Equally important is the passion that you have around the domain of the company you are considering. Many candidates are capable of joining their board; however, what distinguishes an adequate from an exceptional director is their enthusiasm and drive to create positive change.

4. Can You Commit?

If you’re doing your job right, expect to commit 200+ hours annually to a directorship. McKinsey research details how the most effective directors go above and beyond their basic role descriptions, making critical contributions to:

  • Company strategy
  • Investments
  • Mergers and acquisitions
  • Recruiting and talent management, and
  • Governance and compliance.

In addition, as many of our presenters noted, public company boards are often a 10+ year commitment. This is an extraordinary additional activity, particularly if you’re already engaged in full-time work.

Be sure to ask about the length and cadence of board meetings and how other board members are involved outside of regular events. Is this something you will be able to carve out time for?

A recent Harvard study found attendance and meaningful participation at meetings were important criteria for shareholders; however, many directors regularly missed meetings or weren’t well-informed on key issues. Being an active and committed board member can bring rewards — both to you as an individual and to the reputation of your company.

5. It’s OK to say “No”

Know your swim lane. Do your homework and be thoughtful about which director roles you assume.

Are you fired up about the vision of the company, and will you be able to make a meaningful contribution? In addition, is this a role in which you will also be able to learn and further develop your own skills? If the answer is no – do yourself (and the current board) a favor by bowing out. If you’ve received an offer, it likely won’t be your last.

Don’t forget that you assume financial liability as a director. Keep your own financial status in mind and understand how you will be compensated. Remember: compensation can differ greatly for public versus private companies. A venture-backed startup, for example, may offer a large portion of equity and no cash retainer — while a Fortune 500 company may pay handsomely in cash and a small portion of company stock.

If you have any doubts about the company’s funding and financial runway, it could be a sign to step away from the opportunity instead of putting yourself at personal. Being a board member is prestigious, but don’t let this cloud your decision.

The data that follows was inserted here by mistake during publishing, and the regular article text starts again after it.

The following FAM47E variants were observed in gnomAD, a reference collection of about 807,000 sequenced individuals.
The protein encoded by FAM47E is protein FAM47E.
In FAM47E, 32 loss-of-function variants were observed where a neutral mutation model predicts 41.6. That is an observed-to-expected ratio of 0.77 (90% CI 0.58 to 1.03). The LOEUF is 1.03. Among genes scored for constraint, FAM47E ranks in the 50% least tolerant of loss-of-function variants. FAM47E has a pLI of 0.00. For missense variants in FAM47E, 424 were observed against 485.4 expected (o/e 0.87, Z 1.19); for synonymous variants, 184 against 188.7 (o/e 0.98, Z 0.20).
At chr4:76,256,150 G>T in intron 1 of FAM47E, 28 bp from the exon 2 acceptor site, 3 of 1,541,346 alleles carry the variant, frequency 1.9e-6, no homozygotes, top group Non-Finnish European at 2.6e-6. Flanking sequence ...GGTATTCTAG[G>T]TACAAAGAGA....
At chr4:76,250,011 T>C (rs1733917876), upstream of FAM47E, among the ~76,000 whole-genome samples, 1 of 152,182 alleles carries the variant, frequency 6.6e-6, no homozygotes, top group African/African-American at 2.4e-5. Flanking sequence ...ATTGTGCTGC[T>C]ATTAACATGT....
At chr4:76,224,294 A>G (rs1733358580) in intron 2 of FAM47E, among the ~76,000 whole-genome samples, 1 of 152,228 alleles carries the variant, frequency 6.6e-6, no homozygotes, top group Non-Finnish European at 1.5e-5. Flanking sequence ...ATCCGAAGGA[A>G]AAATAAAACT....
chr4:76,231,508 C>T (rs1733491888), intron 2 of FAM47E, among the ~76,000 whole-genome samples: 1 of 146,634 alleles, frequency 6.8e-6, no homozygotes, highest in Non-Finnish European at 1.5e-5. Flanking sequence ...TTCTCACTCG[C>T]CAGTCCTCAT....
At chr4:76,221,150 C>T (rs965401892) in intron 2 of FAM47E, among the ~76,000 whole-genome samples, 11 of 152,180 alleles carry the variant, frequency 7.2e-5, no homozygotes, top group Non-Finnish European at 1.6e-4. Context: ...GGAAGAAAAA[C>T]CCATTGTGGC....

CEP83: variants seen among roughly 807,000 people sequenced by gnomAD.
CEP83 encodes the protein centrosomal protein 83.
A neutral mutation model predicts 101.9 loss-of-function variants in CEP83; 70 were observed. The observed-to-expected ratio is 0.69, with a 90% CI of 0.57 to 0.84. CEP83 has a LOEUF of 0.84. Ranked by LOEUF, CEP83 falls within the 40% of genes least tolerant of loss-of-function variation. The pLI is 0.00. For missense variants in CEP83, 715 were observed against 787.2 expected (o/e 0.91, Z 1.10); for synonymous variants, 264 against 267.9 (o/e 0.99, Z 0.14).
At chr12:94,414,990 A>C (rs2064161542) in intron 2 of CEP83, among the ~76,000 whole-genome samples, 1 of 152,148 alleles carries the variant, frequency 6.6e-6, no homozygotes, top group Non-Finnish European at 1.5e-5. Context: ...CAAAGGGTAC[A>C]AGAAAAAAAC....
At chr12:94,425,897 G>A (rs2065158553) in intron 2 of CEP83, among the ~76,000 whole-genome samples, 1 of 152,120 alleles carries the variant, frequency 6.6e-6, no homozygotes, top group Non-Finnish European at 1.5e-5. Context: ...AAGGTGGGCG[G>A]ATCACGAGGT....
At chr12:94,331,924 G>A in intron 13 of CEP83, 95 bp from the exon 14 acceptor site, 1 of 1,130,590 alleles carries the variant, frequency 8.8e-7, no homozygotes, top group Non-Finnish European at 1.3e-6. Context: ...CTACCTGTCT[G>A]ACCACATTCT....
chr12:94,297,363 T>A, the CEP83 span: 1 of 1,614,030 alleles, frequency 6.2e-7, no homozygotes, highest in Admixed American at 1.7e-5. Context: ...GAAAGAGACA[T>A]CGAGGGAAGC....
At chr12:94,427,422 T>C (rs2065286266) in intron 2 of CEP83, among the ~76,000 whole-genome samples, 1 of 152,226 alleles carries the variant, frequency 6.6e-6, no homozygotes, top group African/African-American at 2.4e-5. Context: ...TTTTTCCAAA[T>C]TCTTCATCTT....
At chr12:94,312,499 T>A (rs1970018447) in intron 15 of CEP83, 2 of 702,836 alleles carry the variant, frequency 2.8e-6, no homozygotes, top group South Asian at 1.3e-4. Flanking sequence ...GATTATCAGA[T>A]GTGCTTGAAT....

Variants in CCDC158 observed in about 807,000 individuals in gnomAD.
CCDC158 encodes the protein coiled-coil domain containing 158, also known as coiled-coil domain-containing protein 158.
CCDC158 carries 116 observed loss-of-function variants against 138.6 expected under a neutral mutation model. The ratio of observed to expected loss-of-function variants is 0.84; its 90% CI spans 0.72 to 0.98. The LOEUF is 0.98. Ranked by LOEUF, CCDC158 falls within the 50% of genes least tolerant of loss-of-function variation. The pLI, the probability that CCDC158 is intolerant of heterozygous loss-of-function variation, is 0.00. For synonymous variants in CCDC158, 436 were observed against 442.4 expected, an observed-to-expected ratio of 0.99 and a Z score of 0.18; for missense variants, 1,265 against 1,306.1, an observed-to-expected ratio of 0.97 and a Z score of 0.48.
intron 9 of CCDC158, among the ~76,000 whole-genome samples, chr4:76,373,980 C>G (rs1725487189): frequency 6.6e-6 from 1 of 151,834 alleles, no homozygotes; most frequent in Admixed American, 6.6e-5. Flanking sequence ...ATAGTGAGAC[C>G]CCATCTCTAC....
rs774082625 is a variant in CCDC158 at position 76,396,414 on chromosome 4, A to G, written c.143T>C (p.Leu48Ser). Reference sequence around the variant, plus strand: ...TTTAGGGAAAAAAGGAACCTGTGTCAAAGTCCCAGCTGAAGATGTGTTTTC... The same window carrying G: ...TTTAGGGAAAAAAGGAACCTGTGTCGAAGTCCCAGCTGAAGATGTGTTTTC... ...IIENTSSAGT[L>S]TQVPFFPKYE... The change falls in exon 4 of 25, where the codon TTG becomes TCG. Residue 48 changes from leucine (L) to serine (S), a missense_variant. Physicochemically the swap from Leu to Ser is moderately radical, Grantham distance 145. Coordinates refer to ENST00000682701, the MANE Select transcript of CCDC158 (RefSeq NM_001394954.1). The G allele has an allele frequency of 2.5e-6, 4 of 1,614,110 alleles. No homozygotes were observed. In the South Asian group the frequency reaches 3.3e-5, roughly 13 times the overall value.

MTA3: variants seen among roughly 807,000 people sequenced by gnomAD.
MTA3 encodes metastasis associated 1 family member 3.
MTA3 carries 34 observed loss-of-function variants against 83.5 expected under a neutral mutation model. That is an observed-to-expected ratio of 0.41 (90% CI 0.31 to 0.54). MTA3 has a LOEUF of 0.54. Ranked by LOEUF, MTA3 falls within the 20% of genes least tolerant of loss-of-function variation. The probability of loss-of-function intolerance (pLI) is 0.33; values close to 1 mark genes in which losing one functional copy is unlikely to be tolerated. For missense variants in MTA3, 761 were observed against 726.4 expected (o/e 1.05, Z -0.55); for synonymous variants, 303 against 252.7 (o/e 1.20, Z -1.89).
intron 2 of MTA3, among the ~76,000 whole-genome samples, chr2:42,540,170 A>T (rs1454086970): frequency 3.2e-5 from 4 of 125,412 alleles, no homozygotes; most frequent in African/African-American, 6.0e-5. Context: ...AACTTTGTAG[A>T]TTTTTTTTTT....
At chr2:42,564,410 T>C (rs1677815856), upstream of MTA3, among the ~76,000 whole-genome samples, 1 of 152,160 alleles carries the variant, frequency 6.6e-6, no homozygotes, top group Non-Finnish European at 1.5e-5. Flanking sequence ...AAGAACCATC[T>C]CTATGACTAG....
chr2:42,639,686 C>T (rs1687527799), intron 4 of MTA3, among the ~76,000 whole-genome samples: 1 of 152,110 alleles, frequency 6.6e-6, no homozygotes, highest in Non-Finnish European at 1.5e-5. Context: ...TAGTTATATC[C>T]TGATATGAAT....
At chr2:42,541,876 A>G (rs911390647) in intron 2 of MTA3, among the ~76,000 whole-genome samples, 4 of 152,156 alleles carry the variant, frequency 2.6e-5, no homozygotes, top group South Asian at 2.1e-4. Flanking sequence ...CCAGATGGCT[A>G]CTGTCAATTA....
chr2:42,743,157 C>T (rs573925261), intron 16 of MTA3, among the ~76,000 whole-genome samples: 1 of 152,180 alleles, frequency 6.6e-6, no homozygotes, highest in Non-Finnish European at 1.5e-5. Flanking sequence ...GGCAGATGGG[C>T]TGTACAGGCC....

An Effective Director is a Steward

Throughout the process, remember that your ultimate goal as a board member is to guide the executive team through the next operating phase — with all of the challenges and rewards this brings. The seat requires emotional intelligence and depth, should not be taken lightly, and can be an incredibly powerful experience for effecting change and advancing your career.

In 2018 former Governor Jerry Brown passed a law requiring more women on boards in the state of California. The Sapphire Ventures team, like Governor Brown, understands that more diversity will benefit individual companies and the economy as a whole.

We will be having a follow-up event to this on July 11. Stay tuned for more takeaways.


Legal disclaimer

Disclaimer: Nothing presented within this article is intended to constitute investment advice, and under no circumstances should any information provided herein be used or considered as an offer to sell or a solicitation of an offer to buy an interest in any investment fund managed by Sapphire Ventures. Information provided reflects Sapphire Ventures’ views as of a time, whereby such views are subject to change at any point and Sapphire Ventures shall not be obligated to provide notice of any change. Companies mentioned in this article are a representative sample of portfolio companies in which Sapphire Ventures has invested in which the author believes such companies fit the objective criteria stated in commentary, which do not reflect all investments made by Sapphire. A complete alphabetical list of Sapphire’s investments made by its direct growth investing funds is available here. Readers should not treat any opinion expressed on this article as a recommendations to make a particular investment or follow a particular strategy, but only as an expression of an opinion. Various opinions presented in the article are based upon information the guest blogger consider reliable, but neither Sapphire nor its affiliates and/or subsidiaries warrant its completeness or accuracy, and it should not be relied upon as such. No assumptions should be made that investments listed above were or will be profitable. Due to various risks and uncertainties, actual events, results or the actual experience may differ materially from those reflected or contemplated in these statements. Nothing contained in this article may be relied upon as a guarantee or assurance as to the future success of any particular company. Past performance is not indicative of future results.